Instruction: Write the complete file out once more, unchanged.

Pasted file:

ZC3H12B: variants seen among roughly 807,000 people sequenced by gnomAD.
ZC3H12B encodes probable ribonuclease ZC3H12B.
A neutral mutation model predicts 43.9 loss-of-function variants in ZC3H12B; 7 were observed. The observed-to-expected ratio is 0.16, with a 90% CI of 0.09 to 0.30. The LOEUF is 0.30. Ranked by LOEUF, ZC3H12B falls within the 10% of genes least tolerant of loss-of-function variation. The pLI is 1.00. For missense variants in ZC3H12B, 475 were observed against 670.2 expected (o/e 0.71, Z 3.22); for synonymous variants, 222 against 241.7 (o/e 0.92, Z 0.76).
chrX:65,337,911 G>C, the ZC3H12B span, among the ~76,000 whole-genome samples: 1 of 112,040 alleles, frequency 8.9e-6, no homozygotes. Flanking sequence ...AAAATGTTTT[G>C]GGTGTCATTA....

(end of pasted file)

ZC3H12B: variants seen among roughly 807,000 people sequenced by gnomAD.
ZC3H12B encodes probable ribonuclease ZC3H12B.
A neutral mutation model predicts 43.9 loss-of-function variants in ZC3H12B; 7 were observed. The observed-to-expected ratio is 0.16, with a 90% CI of 0.09 to 0.30. The LOEUF is 0.30. Ranked by LOEUF, ZC3H12B falls within the 10% of genes least tolerant of loss-of-function variation. The pLI is 1.00. For missense variants in ZC3H12B, 475 were observed against 670.2 expected (o/e 0.71, Z 3.22); for synonymous variants, 222 against 241.7 (o/e 0.92, Z 0.76).
chrX:65,337,911 G>C, the ZC3H12B span, among the ~76,000 whole-genome samples: 1 of 112,040 alleles, frequency 8.9e-6, no homozygotes. Flanking sequence ...AAAATGTTTT[G>C]GGTGTCATTA....